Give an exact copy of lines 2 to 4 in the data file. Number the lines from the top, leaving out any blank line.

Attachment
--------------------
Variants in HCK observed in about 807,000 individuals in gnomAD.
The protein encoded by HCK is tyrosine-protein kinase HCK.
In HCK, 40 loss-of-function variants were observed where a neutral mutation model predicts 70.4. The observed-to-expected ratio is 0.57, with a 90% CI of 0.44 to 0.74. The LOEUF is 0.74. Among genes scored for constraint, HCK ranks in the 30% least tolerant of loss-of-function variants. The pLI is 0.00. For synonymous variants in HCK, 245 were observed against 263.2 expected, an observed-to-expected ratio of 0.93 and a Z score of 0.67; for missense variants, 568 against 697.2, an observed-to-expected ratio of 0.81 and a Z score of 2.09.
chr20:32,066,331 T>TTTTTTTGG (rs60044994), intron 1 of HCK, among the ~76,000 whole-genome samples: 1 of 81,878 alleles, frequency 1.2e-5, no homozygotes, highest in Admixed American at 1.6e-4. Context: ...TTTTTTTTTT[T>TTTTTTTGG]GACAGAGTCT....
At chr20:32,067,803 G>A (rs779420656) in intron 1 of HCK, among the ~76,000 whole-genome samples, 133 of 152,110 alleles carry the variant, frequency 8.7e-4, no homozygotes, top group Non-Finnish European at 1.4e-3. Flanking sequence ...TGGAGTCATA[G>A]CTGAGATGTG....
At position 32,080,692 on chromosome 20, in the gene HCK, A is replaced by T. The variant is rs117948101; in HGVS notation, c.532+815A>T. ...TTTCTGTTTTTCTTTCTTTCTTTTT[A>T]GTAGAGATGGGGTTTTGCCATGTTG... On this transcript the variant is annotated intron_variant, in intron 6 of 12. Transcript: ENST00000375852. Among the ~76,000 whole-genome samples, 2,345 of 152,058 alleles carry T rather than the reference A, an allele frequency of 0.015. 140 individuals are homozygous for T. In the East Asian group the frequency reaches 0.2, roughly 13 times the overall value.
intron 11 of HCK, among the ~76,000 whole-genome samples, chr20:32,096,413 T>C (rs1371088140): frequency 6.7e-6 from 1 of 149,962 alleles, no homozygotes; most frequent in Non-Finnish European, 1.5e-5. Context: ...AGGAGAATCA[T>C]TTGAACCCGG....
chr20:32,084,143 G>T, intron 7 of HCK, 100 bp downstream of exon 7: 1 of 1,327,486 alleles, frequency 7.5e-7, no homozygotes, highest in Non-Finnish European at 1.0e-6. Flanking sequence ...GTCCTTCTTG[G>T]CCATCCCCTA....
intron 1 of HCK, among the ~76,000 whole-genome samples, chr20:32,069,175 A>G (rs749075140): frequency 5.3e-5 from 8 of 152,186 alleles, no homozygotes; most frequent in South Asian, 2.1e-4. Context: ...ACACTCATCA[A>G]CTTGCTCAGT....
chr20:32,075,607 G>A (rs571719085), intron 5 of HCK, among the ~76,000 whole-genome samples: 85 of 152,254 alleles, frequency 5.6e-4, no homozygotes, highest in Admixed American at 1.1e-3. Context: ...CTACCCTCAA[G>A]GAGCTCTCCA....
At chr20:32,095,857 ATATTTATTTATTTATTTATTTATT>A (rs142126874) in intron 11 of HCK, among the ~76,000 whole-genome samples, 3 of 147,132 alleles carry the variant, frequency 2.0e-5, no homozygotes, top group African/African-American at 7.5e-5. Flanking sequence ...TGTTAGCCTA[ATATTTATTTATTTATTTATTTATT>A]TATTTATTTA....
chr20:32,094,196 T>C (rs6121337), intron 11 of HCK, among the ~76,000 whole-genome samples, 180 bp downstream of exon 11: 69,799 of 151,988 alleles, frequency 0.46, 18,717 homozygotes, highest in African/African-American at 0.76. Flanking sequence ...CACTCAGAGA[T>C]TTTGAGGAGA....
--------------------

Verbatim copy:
The protein encoded by HCK is tyrosine-protein kinase HCK.
In HCK, 40 loss-of-function variants were observed where a neutral mutation model predicts 70.4. The observed-to-expected ratio is 0.57, with a 90% CI of 0.44 to 0.74. The LOEUF is 0.74. Among genes scored for constraint, HCK ranks in the 30% least tolerant of loss-of-function variants. The pLI is 0.00. For synonymous variants in HCK, 245 were observed against 263.2 expected, an observed-to-expected ratio of 0.93 and a Z score of 0.67; for missense variants, 568 against 697.2, an observed-to-expected ratio of 0.81 and a Z score of 2.09.
chr20:32,066,331 T>TTTTTTTGG (rs60044994), intron 1 of HCK, among the ~76,000 whole-genome samples: 1 of 81,878 alleles, frequency 1.2e-5, no homozygotes, highest in Admixed American at 1.6e-4. Context: ...TTTTTTTTTT[T>TTTTTTTGG]GACAGAGTCT....